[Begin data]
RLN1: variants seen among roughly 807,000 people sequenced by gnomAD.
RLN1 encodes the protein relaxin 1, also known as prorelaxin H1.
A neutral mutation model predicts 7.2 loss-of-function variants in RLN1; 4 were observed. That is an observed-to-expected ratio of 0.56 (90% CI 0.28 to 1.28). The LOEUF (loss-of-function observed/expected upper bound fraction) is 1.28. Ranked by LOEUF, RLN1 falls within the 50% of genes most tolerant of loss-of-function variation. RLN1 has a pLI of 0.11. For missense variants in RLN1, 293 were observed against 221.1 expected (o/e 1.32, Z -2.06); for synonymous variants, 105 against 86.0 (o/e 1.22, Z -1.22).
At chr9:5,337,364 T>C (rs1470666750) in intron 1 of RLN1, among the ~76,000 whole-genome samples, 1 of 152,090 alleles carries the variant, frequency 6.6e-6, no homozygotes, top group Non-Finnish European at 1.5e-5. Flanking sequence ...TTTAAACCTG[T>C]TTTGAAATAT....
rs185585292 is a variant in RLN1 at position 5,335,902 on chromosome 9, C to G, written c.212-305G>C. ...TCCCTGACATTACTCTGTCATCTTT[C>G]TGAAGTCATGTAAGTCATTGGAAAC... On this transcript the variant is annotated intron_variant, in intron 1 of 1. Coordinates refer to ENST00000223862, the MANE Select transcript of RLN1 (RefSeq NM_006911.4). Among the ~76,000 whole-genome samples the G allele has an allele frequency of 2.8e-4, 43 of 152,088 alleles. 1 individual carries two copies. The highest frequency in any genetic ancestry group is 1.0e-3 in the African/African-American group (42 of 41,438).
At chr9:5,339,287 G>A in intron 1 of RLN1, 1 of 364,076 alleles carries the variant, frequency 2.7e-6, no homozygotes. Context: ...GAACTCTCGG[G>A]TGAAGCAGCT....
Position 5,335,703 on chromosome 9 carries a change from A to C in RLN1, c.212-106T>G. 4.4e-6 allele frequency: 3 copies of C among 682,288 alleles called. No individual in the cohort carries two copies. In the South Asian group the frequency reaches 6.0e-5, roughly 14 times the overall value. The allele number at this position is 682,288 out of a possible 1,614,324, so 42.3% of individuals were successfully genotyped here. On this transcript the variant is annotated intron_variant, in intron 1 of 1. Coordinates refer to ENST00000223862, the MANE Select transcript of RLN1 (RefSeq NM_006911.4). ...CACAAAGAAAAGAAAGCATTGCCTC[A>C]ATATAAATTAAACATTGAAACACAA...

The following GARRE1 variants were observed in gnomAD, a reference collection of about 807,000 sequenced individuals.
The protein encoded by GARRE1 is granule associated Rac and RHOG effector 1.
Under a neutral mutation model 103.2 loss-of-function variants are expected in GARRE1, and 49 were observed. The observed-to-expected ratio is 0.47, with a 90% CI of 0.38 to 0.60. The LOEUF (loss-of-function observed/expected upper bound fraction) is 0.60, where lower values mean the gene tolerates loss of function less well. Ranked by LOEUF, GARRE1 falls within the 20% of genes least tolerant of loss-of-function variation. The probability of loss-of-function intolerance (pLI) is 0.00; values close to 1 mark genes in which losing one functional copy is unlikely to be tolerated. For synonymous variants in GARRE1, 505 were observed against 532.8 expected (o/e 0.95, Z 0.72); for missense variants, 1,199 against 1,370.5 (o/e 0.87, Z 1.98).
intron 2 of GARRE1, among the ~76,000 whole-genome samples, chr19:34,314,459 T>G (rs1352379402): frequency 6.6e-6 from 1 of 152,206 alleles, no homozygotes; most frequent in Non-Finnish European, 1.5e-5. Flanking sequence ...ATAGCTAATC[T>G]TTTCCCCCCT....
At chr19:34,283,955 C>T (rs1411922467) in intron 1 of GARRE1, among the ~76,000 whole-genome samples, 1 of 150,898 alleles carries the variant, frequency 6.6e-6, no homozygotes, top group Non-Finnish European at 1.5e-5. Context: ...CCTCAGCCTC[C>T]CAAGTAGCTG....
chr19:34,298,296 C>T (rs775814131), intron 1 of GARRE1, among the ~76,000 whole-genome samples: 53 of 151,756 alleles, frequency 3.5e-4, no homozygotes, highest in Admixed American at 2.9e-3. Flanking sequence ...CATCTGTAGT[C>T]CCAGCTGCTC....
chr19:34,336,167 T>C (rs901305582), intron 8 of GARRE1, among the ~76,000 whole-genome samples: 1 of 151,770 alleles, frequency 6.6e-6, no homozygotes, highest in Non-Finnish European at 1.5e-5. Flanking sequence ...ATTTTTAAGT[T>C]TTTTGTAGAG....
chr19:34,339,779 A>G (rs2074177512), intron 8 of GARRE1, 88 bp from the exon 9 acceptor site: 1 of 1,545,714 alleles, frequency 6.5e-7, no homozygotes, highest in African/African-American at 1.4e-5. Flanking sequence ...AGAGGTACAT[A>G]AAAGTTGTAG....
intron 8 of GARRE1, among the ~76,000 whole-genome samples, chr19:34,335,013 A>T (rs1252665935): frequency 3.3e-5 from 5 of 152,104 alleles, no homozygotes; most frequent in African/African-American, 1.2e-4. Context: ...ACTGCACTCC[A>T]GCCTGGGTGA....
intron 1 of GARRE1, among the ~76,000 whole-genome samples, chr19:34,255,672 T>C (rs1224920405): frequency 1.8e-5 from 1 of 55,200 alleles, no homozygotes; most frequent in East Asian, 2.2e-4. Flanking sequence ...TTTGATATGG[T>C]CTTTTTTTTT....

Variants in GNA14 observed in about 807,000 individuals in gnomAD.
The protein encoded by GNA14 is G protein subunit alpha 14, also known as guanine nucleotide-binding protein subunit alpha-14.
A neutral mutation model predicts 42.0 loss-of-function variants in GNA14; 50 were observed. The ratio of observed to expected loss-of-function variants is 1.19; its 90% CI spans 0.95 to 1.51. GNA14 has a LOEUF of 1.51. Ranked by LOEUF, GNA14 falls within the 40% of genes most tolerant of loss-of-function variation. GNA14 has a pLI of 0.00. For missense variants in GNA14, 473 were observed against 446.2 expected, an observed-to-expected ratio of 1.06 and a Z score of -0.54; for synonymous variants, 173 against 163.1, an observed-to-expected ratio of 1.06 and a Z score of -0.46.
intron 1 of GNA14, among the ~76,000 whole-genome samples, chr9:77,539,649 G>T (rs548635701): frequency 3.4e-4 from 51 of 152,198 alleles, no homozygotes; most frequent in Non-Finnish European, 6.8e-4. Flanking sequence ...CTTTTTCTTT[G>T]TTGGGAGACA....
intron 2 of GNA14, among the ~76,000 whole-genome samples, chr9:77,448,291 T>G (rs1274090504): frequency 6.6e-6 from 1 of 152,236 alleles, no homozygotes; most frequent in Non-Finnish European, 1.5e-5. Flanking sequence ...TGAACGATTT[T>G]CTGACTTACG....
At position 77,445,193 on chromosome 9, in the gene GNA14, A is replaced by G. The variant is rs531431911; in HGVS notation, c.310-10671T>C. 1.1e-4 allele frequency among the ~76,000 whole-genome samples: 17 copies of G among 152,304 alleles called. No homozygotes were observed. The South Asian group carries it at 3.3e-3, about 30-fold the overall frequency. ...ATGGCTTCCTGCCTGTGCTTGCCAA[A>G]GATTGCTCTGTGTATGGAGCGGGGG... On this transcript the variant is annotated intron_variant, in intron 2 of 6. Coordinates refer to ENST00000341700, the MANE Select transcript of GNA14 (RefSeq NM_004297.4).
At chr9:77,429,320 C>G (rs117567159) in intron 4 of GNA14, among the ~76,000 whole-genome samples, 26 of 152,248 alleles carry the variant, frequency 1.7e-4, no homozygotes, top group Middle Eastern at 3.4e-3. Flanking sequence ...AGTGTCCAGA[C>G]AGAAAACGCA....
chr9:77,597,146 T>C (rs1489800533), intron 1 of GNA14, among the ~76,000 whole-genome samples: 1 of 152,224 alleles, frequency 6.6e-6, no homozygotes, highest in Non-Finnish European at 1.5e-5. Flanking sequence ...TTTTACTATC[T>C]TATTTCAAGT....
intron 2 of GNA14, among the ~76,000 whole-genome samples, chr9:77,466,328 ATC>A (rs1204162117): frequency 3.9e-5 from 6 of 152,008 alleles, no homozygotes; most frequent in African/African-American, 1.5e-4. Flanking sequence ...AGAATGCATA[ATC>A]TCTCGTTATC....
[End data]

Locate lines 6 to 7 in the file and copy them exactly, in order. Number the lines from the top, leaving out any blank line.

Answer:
At chr9:5,339,287 G>A in intron 1 of RLN1, 1 of 364,076 alleles carries the variant, frequency 2.7e-6, no homozygotes. Context: ...GAACTCTCGG[G>A]TGAAGCAGCT....
Position 5,335,703 on chromosome 9 carries a change from A to C in RLN1, c.212-106T>G. 4.4e-6 allele frequency: 3 copies of C among 682,288 alleles called. No individual in the cohort carries two copies. In the South Asian group the frequency reaches 6.0e-5, roughly 14 times the overall value. The allele number at this position is 682,288 out of a possible 1,614,324, so 42.3% of individuals were successfully genotyped here. On this transcript the variant is annotated intron_variant, in intron 1 of 1. Coordinates refer to ENST00000223862, the MANE Select transcript of RLN1 (RefSeq NM_006911.4). ...CACAAAGAAAAGAAAGCATTGCCTC[A>C]ATATAAATTAAACATTGAAACACAA...